Review by Yasmin Elahi
The Fringe Brisbane Hub transformed into Hell’s waiting room for Stage Fright Productions’ ‘No Exit’. The intimate venue perfectly captured the claustrophobic and sterile setting of the play and provided a more realistic audience experience than a larger theatre would have elicited.
‘No Exit’ is a one-act play by Jean-Paul Sartre. Famous for his existentialism, this play explores the notion of hell in a novel and though-provoking way. Written during WWII, this 90-minute play had no intermission to enable audiences to reach home before curfew. Director, Brittany Taylor Hetherington remained faithful to the original concept and chose not to include an intermission in her production. This mirrored the characters’ experiences of being trapped and having no exit, as the title suggests.
Set design by Brittany Taylor Hetherington was simple yet effective. The requisite three divans were front and centre, complemented by a window going nowhere and a wonderfully realistic fireplace and mantlepiece. The stage was rather small and Hetherington’s design cleverly balanced set pieces with playing space.
Lighting design by Dom Guilfoyle was impactful. The flickering lights when each ‘absentee’ entered hell, the subtle blue washes when each character watched their lives back on earth and soft warm hues of varying intensity created a mood that was equal parts comforting and unsettling. The show was perfectly underscored by Guilfoyle’s lighting design, which greatly enhanced the action on stage.
Sound design by Kyle Hetherington was subtle and sporadic. The few sound effects that were used were unobtrusive and eerie, gently reminding the audience that the seemingly comfortable living room the characters were in was in fact more sinister than it appears. Perhaps the soundscape could have been utilised more to further enhance the somewhat disturbing setting of the play.
Brittany Taylor Hetherington both produced and directed this production. Her use of the small stage was good and the characters each had clear and evident personalities. The blocking was energetic, with plenty of movement to keep the audiences’ attention. There were few moments of stillness, which perhaps could have been explored further. In a play where three people are stuck in a room, it is difficult to find purposeful blocking for the characters. At times, it seemed the repeated standing up and sitting down had little purpose and though leaning into the stir-crazy notion, became distracting and drew focus from the poetry of Sartre’s words.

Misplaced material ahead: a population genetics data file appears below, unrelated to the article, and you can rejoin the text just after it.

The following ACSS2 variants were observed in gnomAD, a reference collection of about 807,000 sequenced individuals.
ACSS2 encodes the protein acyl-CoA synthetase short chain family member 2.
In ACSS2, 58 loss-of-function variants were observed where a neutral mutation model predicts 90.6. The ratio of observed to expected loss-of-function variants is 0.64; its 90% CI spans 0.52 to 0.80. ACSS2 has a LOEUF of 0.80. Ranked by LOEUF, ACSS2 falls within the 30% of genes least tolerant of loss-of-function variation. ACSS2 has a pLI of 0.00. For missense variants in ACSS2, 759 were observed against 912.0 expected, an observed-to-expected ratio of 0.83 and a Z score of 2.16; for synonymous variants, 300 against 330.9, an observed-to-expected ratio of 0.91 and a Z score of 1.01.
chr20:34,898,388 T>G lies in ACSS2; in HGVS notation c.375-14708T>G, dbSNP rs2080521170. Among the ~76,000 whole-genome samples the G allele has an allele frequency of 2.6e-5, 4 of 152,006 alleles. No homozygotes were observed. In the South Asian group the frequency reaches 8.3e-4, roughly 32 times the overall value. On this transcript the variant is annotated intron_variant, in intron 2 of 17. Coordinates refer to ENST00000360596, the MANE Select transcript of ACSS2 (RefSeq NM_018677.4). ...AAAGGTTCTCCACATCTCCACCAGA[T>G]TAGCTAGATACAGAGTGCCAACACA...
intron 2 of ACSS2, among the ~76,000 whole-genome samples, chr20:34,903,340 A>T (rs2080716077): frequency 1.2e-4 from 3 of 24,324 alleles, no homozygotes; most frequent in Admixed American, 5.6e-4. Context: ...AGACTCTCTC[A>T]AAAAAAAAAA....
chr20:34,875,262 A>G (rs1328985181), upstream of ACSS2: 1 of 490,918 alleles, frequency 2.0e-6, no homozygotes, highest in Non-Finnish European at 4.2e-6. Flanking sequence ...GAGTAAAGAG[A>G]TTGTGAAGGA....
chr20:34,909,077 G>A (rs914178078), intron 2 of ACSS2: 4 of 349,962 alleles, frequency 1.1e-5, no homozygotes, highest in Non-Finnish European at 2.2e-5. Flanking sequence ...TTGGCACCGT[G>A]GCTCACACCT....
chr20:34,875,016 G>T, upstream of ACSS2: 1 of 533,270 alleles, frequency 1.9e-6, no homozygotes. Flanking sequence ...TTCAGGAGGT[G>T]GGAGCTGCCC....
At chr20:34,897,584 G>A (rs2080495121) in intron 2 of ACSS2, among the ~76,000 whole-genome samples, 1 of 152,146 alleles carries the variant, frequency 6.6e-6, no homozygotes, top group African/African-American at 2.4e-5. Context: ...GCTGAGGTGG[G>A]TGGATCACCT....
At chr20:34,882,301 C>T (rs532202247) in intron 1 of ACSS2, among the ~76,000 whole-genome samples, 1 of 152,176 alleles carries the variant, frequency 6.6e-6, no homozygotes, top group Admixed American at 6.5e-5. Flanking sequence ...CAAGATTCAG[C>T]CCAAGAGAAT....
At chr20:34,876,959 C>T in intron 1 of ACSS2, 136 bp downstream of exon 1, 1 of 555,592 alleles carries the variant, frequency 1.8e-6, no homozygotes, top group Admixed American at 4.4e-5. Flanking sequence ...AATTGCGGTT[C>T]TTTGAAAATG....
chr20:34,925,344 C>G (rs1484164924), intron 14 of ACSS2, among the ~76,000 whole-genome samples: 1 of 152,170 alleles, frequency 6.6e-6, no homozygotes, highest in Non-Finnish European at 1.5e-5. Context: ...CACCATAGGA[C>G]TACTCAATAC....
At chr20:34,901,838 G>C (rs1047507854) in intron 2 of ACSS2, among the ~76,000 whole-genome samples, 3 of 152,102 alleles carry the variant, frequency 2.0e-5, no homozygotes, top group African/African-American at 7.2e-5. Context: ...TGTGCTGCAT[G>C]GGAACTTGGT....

Matty Butler was intense in the role of Vincent. He often snapped at the others and turned to shouting very quickly. In the softer moments of his performances, the audience were able to glimpse the many layers of his character but these moments were rare. His physical acting with Estelle was believable and committed. Butler maintained his troubled disposition and concern at being trapped in hell throughout the entire play and in this regard was the most convincing.
Grace Swadling was a standout in the role of Estelle. Swadling was totally committed to her character and performed with gusto. Her accent was the most consistent and the intention of her words was cutting. Her performance towed the line of melodramatic at times, but Swadling managed to retain the authenticity of her character. A dynamic performer and memorable performance as Estelle.
Ada Lukin played Inez with confidence. Though her accent was at odds with the others, she embraced her role. A different interpretation to the classic Inez, Lukin’s portrayal was in command and appeared less bothered by the notion of being trapped in hell than perhaps she should. Nevertheless, she served as a level-headed foil to Swadling’s emotional Estelle and posed some of the play’s biggest questions in a pointed and matter-of-fact fashion.
Oscar Thelander’s role as the Valet was small but powerful. He set the eerie and disturbing feel of the show from the outset. His portrayal of the Valet’s insincere optimism and inability to blink was captivating and instantly engaged the audience. Thelander’s performance perfectly struck the balance of likeable with sinister undertones and made what could be a forgettable role into one of the most memorable characters.
Overall, Stage Fright Productions’ ‘No Exit’ was dynamic and proves that a play written halfway around the world almost 100 years ago can still be not only a relevant and thought-provoking piece of theatre, but also a great night out.